• Agreement today to buy or sell a commodity at a predetermined price at a predetermined time in the future.
• It can be contrasted with a spot contract, which is an agreement to buy or sell an asset today.
• A forward contract is traded in the over-the-counter market.
• One of the parties to a forward contract assumes a long position and agrees to buy the
underlying asset on a certain specified future date for a certain specified price.
• The other party assumes a short position and agrees to sell the asset on the same date for the same price.
• Commodity swaps are in essence a series of forward contracts on a commodity with different maturity dates and the same delivery prices.
• A swap is an over-the-counter agreement between two companies to exchange cash flows in the future.
• The agreement defines the dates when the cash flows are to be paid and the way in which they are to be calculated.
• Usually the calculation of the cash flows involves the future value of an interest rate, an exchange rate, or other market variable.
• A forward contract can be viewed as a simple example of a swap.
• Whereas a forward contract is equivalent to the exchange of cash flows on just one
future date, swaps typically lead to cash flow exchanges on several future dates.
Hull, 2012, p.148 Levent Yilmaz, Konstantin Lenz, Thomas Siegl 74
4.2 Commodity Swaps
• Swap Transaction: Agreement today to buy/sell commodity at a predetermined fixed price over a predetermined period of time. (often financial)
• A commodity swap is a type of swap agreement whereby a floating (or market or spot) price based on an underlying commodity is traded for a fixed price over a specified period.
• A commodity swap is similar to a Fixed-Floating Interest rate swap.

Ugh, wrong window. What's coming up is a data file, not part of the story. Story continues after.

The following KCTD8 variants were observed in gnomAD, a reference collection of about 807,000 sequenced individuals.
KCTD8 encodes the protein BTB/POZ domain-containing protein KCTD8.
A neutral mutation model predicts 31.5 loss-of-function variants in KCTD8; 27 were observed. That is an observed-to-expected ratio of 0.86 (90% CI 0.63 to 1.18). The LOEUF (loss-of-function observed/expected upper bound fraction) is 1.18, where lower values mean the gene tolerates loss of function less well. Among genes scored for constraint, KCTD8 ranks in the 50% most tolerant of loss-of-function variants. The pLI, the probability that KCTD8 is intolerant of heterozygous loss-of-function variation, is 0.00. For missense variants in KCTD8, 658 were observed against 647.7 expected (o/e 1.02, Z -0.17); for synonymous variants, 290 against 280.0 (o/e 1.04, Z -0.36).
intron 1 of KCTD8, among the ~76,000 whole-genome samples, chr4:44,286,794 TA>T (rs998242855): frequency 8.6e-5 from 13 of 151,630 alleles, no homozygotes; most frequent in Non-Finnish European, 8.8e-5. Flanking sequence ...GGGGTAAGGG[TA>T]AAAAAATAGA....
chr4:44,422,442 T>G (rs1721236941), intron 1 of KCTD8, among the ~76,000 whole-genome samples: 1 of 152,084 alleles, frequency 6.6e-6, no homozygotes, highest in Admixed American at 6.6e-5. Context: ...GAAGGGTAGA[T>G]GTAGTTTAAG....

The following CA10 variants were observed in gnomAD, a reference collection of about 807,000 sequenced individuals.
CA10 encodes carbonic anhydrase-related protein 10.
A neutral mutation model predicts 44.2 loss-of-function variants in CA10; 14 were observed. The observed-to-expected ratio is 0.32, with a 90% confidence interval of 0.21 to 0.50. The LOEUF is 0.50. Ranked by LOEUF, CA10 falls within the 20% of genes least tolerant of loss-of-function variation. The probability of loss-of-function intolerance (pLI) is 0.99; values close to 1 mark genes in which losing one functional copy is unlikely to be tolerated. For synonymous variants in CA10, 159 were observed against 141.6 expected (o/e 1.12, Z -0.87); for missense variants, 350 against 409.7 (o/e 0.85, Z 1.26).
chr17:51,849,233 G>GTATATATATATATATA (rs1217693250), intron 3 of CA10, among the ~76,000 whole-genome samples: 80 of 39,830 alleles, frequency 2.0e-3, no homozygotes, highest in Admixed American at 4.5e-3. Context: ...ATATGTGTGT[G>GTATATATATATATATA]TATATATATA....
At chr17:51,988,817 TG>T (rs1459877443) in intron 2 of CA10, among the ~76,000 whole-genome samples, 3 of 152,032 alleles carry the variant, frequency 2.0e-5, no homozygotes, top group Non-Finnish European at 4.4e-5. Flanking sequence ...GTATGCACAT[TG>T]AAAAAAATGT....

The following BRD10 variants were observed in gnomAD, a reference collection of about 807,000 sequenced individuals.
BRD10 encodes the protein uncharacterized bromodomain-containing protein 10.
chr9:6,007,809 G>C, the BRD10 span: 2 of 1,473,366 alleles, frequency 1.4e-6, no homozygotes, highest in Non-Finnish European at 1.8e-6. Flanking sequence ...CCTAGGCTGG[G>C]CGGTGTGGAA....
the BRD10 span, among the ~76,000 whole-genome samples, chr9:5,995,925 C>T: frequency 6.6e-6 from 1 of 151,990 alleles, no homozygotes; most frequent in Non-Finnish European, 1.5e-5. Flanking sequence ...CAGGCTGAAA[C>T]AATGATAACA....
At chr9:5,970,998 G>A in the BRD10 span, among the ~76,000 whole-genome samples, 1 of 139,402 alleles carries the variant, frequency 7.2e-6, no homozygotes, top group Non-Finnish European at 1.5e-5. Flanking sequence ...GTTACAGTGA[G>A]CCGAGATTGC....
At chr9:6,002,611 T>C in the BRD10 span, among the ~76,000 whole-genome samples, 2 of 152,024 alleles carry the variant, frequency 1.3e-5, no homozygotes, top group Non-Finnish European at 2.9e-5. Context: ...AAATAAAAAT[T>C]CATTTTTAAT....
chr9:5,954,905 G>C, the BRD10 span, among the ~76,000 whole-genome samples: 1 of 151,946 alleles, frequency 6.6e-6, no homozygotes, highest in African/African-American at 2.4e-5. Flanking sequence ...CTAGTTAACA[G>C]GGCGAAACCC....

• A commodity swap is usually used to hedge against the price of a commodity
• Swaps are arguably the most popular - because swaps can be customized while futures contracts cannot - hedging instrument used by oil and gas producers to hedge their exposure to volatile oil and gas prices as hedging with swaps allows them to lock in or fix the price they receive for their oil and gas production.
– standardizedregardingtradedmaturities,quantityofthecommodity – standardizedmethodofdeliveryofthecommodity
• giving rise to physical delivery by the seller at maturity
• or financial settlement: needs a liquid reliable index to represent the underlying at maturity – standardizeddeliveryperiod:
• Delivery may take place once on a specific day (e.g. Emissions, Metals) or
• continuously over a specific time (e.g. power or gas: Day, Week, Month, Quarter, Year)
• corresponding to the continuous delivery in financial settlement is an index averaged over the time period: (e.g. freight, coal, financially settled power).
• Longer term products (like quarter or year) are split to shorter periods (month) either at time of trade (strip clearing: CME/ICE) or at time of delivery (cascading: ECC)
• Like a forward, and unlike an option, a Futures contains an obligation to buy or sell.
• The counterparty is the Clearing House of the Exchange, the lines of defense of the CCP apply.
Synthetic Storage = Storage from Time T1 to Time T2
- Sell product near term with contract to deliver in T1 - Buy product long term with contract to deliver in T2
Synthetic Transport = Transport from delivery point1 to delivery point2
- Sell product at transport time T with delivery point1 - Buy product at transport time T with delivery point2
Synthetic transport/storage is also sometimes referred to as virtual.
What is synthetic storage and synthetic transport?
Please explain the difference between hedging, speculation, and arbitrage.
Hedging: Hedging is a strategy to protect against potential losses by taking an opposing position to a risk. It aims to minimize the impact of adverse price movements on an investment.
Speculation: Speculation involves taking positions in financial markets to profit from short-term price fluctuations. Speculators aim to predict and take advantage of market movements to generate profits.
Arbitrage: Arbitrage is a strategy to profit from price differences in different markets or financial instruments. It involves simultaneously buying and selling related assets to exploit temporary price discrepancies and generate risk-free profits.
In essence, hedging mitigates risk, speculation seeks profit from market movements, and arbitrage exploits temporary price differences for guaranteed profits.
Distinguish between the terms open interest and trading volume.
Open interest (OI) is the total number of outstanding futures contracts that are not closed or delivered on a particular day. Trade Volume is the number of traded contracts.